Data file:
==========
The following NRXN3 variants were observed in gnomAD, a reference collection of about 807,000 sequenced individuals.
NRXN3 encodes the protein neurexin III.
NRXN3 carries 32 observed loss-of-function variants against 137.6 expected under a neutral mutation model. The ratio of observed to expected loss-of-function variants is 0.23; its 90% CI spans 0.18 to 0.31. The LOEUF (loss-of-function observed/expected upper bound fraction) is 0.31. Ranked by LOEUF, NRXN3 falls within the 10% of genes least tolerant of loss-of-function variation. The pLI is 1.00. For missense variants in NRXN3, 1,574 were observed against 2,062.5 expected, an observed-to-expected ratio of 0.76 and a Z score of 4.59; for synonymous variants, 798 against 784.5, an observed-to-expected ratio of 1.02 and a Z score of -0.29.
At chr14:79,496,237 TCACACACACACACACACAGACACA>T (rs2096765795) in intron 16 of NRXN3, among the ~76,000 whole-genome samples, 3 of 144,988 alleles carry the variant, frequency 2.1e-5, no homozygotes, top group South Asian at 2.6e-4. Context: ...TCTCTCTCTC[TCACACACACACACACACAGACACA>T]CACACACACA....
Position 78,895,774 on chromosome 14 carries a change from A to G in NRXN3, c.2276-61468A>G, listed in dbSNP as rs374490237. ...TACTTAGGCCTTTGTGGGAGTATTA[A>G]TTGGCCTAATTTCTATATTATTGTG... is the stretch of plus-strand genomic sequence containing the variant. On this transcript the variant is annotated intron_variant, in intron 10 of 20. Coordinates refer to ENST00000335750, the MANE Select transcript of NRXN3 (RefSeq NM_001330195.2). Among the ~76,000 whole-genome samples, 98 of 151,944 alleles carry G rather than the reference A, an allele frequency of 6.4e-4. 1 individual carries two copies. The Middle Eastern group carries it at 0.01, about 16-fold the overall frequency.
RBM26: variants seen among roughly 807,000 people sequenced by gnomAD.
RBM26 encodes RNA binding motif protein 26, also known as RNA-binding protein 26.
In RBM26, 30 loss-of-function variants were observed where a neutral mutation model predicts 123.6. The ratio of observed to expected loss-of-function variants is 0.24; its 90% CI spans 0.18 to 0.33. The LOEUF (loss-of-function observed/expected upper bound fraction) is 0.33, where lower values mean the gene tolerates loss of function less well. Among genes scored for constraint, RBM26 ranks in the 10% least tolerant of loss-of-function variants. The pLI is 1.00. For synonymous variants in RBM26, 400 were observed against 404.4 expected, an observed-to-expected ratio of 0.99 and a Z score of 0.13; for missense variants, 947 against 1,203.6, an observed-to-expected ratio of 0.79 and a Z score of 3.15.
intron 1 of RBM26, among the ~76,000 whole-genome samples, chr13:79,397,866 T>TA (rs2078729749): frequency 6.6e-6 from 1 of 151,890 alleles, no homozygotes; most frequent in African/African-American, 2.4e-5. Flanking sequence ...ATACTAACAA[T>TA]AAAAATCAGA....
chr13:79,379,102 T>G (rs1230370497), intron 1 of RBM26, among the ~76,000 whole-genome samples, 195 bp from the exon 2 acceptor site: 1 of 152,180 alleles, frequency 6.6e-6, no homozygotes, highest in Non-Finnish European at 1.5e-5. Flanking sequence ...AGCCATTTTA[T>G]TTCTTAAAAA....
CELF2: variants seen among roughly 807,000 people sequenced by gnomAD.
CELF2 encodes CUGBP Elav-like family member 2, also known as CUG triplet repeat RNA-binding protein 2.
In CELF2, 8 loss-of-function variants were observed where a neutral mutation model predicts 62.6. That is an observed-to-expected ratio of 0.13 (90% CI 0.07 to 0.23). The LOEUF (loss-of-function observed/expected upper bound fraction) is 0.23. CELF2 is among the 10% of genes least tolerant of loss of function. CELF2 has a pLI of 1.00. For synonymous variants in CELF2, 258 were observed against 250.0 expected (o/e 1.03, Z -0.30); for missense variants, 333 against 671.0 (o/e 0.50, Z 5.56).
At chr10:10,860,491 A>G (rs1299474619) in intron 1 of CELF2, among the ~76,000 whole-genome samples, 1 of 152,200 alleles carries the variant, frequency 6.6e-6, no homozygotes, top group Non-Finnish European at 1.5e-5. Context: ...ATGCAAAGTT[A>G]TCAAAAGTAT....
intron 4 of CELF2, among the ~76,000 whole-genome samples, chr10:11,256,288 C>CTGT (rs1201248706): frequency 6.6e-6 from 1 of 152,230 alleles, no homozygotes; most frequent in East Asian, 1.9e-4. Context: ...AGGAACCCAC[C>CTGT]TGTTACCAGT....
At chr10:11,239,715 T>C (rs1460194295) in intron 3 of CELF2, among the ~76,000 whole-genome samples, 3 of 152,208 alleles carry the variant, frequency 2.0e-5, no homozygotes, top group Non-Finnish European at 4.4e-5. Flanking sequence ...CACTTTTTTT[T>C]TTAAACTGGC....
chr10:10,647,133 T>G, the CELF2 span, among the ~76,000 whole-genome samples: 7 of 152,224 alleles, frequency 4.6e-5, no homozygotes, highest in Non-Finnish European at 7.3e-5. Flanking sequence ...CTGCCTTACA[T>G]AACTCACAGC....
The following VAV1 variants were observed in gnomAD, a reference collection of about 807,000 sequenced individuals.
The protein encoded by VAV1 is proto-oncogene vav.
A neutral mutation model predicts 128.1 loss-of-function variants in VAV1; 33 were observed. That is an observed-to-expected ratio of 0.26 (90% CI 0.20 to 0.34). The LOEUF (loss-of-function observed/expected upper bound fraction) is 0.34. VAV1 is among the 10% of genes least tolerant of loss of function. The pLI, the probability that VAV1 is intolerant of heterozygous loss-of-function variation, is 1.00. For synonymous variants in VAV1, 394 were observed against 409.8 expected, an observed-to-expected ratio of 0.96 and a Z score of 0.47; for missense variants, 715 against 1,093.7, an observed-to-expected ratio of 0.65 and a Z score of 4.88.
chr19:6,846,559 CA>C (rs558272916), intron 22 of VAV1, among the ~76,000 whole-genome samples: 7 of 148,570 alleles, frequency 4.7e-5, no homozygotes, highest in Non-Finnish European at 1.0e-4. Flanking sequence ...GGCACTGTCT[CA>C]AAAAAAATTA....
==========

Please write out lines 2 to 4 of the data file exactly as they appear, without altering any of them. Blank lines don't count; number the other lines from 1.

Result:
NRXN3 encodes the protein neurexin III.
NRXN3 carries 32 observed loss-of-function variants against 137.6 expected under a neutral mutation model. The ratio of observed to expected loss-of-function variants is 0.23; its 90% CI spans 0.18 to 0.31. The LOEUF (loss-of-function observed/expected upper bound fraction) is 0.31. Ranked by LOEUF, NRXN3 falls within the 10% of genes least tolerant of loss-of-function variation. The pLI is 1.00. For missense variants in NRXN3, 1,574 were observed against 2,062.5 expected, an observed-to-expected ratio of 0.76 and a Z score of 4.59; for synonymous variants, 798 against 784.5, an observed-to-expected ratio of 1.02 and a Z score of -0.29.
At chr14:79,496,237 TCACACACACACACACACAGACACA>T (rs2096765795) in intron 16 of NRXN3, among the ~76,000 whole-genome samples, 3 of 144,988 alleles carry the variant, frequency 2.1e-5, no homozygotes, top group South Asian at 2.6e-4. Context: ...TCTCTCTCTC[TCACACACACACACACACAGACACA>T]CACACACACA....